Outlook and appraisal [March 1991]

, ed. (1991) Outlook and appraisal [March 1991]. Quarterly Economic Commentary, 16 (3). pp. 1-2. ISSN 0306-7866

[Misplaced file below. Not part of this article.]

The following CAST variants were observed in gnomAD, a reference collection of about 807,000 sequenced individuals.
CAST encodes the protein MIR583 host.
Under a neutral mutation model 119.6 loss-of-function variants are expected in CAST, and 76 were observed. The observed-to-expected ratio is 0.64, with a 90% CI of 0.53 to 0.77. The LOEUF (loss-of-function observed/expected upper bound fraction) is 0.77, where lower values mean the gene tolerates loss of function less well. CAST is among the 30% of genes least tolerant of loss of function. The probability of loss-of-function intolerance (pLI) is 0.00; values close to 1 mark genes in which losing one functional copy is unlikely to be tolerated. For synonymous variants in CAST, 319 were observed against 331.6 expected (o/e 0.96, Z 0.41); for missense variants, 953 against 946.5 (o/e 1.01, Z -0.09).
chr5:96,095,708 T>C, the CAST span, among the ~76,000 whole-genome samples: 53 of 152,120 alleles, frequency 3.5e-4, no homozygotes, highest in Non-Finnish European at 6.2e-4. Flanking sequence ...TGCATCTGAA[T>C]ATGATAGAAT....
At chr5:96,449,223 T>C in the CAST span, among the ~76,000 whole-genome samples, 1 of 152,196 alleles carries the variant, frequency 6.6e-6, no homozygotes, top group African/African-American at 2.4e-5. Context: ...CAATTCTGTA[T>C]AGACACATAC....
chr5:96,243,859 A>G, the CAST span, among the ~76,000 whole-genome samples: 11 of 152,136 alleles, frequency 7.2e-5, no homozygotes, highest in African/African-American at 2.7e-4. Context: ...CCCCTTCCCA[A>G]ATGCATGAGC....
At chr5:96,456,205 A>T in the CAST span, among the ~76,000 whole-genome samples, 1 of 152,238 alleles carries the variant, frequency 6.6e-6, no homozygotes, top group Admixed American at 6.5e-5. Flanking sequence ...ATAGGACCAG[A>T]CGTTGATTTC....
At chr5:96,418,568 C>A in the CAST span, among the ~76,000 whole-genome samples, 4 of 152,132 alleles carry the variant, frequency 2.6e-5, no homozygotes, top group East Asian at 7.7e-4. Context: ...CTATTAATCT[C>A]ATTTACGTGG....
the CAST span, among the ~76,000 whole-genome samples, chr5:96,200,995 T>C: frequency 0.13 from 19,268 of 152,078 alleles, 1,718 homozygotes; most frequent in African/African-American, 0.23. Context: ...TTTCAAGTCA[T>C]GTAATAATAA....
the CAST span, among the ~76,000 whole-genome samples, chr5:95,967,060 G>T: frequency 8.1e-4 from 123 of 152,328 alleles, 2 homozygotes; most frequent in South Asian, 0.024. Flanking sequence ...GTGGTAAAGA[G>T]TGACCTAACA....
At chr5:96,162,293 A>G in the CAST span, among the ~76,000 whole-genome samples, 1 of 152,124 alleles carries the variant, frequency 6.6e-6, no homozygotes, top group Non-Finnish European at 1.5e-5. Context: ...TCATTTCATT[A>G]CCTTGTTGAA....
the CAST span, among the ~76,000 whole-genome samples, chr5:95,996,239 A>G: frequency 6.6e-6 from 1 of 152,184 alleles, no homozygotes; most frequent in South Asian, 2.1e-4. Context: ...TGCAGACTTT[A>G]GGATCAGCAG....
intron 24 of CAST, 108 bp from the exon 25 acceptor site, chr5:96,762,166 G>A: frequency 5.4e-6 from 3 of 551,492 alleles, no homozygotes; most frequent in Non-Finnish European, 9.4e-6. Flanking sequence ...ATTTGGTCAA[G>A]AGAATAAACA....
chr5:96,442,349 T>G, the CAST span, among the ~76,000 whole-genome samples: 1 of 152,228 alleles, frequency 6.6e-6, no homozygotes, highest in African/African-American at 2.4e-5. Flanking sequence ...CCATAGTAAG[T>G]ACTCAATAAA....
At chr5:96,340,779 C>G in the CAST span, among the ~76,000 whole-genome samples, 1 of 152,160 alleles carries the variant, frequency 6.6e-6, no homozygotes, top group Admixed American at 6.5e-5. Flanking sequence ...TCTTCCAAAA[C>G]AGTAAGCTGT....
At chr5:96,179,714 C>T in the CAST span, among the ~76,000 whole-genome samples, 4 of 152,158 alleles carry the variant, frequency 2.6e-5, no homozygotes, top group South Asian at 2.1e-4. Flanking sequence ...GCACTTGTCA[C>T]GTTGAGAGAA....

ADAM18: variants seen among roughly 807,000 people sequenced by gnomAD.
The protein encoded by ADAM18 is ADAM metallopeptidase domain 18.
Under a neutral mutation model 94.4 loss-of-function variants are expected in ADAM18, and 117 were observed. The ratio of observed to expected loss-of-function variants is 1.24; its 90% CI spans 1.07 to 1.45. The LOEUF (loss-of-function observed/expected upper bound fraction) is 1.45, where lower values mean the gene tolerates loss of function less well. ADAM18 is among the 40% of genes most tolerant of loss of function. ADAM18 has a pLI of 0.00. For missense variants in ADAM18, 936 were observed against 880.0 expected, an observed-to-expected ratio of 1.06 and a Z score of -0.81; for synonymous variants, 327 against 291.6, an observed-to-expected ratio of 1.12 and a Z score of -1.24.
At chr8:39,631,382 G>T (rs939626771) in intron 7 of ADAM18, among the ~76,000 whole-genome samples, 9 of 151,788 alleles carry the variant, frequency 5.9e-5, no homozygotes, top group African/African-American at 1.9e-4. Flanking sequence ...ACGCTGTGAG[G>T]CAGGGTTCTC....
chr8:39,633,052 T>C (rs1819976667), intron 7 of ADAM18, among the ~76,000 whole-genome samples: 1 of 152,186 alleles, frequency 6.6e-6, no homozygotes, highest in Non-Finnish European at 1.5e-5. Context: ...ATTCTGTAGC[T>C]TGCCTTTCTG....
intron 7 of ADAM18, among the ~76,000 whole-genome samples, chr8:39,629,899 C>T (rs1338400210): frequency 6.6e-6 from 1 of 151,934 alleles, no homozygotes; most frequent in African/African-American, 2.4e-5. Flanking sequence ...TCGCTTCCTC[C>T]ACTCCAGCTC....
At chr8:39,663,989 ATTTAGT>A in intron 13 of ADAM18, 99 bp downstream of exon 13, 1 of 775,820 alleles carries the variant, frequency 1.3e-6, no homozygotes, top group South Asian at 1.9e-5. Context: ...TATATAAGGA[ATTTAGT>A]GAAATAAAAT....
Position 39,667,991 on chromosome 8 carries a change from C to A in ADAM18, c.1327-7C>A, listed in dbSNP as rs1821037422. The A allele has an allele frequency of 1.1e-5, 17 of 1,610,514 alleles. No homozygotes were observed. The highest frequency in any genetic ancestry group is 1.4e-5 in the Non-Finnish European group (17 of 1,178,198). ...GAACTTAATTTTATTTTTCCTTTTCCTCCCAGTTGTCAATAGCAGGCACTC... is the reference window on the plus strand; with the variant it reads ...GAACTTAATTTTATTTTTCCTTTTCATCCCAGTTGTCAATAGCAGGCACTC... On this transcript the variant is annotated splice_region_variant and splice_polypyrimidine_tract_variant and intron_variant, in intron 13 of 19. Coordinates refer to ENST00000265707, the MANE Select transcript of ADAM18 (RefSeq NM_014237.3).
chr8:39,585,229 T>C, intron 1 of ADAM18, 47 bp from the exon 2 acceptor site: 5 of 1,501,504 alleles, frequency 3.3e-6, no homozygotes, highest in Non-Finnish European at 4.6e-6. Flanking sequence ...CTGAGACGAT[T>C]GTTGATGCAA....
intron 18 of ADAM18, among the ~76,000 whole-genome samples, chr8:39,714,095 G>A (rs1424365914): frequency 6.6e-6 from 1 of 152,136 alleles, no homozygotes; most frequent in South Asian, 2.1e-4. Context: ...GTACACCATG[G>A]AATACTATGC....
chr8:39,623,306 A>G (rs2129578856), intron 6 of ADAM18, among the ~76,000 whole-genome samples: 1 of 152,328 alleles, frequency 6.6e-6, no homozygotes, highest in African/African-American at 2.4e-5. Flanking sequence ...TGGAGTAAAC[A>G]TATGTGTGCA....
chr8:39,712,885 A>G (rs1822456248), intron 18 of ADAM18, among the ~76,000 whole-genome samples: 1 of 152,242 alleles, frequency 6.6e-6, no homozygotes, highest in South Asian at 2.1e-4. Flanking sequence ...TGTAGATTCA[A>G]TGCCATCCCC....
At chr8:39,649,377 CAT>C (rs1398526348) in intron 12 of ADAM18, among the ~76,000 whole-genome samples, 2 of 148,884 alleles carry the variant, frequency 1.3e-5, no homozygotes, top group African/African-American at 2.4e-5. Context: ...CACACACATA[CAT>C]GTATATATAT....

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Against the background of a moderate and relatively stable oil price the idea of a 'global recession' seems unduly pessimstic. Growth in Japan and Germany, the main powerhouses of the major industrialised countries (the G7), is undoubtedly slowing down, largely the result of tightening monetary policy in the wake of increased inflationary pressure. But outright recession is largely confined to the English speaking world, and especially to the United States and the UK (see World Economy section). While this is unpleasant, its effects should not be overstated. Assuming the GATT talks do not end in complete disarray, world trade growth, an important component of economic growth, should be between 4% and 5% in 1991. This is below the growth rates recorded in 1989 and 1990, but should still ensure modest GDP growth for the G7 countries as a whole, with the prospect of a reasonable recovery in 1992.